Unions representing teachers and other public employees sued on Monday to try to block a new Missouri law that they claim imposes "a raft of harsh restrictions" that "effectively eviscerates" their right to organize and bargain on behalf of employees.
A Missouri law set to take effect Tuesday will require most public sector unions to hold recertification votes to continue their representation, limit the topics on which they can bargain, and require annual employee permission to deduct dues from paychecks and spend money on political causes.
The lawsuit filed in St. Louis County seeks an injunction and a declaration that the law violates several provisions of the Missouri Constitution, including free speech and due process rights and a specific right for employees "to organize and to bargain collectively."
The law was one of several measures restricting union powers that were enacted by the Republican-led Legislature and former Gov. Eric Greitens, who signed it just hours before resigning June 1 amid scandal. The most prominent measure — a so-called right-to-work law prohibiting mandatory union fees in private-sector workplaces — was overwhelmingly defeated by voters earlier this month after unions submitted petitions forcing a referendum.
"This is another attempt by legislators backed by corporate interests to attack our right to speak up about student needs, class-size, wages and benefits," Lori Sammelmann, an instructional coach and president-elect of the Ferguson-Florissant National Education Association, said in a statement announcing the lawsuit.
The local teachers' union is one of seven plaintiffs that also include the Missouri National Education Association and local chapters of the Operating Engineers, Teamsters and Service Employees unions.
State Rep. Jered Taylor, a Nixa Republican who sponsored the legislation, said he believes it is constitutional.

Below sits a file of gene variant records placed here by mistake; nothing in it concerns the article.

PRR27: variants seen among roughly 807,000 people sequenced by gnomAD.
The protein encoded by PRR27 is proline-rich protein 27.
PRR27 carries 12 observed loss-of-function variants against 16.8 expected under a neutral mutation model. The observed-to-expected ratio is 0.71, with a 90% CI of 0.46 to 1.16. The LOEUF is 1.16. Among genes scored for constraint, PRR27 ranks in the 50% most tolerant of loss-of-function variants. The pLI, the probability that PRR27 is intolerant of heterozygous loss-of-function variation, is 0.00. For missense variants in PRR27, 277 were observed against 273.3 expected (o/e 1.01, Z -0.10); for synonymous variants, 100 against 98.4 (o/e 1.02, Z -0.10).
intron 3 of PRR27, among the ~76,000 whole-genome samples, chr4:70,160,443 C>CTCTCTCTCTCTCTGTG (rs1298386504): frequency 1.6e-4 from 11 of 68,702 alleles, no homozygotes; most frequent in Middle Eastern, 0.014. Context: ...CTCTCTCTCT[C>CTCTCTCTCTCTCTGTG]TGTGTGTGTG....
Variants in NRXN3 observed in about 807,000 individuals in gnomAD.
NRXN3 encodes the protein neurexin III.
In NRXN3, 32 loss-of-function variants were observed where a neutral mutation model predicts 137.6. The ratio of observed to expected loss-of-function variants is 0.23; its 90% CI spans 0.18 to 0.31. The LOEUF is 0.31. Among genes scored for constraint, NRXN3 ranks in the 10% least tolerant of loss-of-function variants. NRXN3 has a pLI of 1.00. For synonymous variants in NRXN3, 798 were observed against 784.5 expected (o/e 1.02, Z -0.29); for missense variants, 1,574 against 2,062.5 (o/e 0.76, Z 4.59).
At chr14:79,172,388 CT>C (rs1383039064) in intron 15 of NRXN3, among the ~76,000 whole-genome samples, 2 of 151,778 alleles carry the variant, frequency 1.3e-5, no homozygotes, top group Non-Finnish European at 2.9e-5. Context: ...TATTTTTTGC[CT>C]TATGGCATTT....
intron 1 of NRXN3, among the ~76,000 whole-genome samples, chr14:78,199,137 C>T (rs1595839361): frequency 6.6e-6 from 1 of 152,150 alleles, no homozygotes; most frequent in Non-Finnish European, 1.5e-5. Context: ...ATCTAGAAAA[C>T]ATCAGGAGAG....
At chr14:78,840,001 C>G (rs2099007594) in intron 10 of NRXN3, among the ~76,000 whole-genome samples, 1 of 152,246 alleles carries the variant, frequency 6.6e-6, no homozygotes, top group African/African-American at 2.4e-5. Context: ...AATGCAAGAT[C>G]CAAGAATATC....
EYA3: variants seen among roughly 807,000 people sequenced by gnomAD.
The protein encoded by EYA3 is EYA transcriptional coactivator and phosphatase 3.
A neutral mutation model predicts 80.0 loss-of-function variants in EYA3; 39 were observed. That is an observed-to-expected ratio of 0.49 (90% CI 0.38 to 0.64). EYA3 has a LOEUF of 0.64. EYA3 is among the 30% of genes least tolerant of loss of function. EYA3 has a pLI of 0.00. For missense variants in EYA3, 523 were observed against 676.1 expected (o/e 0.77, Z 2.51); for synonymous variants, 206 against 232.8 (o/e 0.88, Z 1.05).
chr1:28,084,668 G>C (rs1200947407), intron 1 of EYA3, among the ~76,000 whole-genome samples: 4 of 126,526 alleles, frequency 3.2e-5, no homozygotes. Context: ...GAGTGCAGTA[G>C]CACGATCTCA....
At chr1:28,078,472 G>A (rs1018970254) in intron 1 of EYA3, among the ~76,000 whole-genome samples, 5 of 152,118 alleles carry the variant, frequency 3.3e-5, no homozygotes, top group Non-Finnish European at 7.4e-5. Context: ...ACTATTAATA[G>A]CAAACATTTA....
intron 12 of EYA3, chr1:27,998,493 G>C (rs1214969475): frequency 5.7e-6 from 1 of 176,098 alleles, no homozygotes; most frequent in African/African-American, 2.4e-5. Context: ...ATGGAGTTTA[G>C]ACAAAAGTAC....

"Individuals can still collectively bargain. They can still have union representation if they so desire, but at the same time it does hold the unions accountable," Taylor said.
The law makes most existing public employee unions hold a new certification vote within the next year or two to continue representing employees. Passage requires a greater than 50 percent vote of the employees covered by the bargaining unit, not simply a majority of those voting. If approved, unions would be subject to similar votes every three years.
Unions also would need annual approval from employees to continue deducting dues from paychecks and to spend money on political purposes, including to support or oppose ballot measures. Unions from across the U.S. and Missouri spent millions of dollars to defeat Missouri's recent right-to-work ballot measure.
The new law makes picketers subject to immediate firing and requires labor agreements to include the right for management to change reasonable work rules and procedures. It bars public entities from paying labor representatives for time spent on collective bargaining, unless the employees choose to use their personal or vacation days.
Its provisions don't apply to unions representing state Department of Corrections' employees or to public safety unions that cover such professions as police, firefighters and ambulance personnel.
The lawsuit claims that distinction unconstitutionally discriminates against certain employees and unions.
Taylor's original version of the legislation didn't include the exemption. He said it was added in the state Senate as the session neared its end to help secure the bill's passage.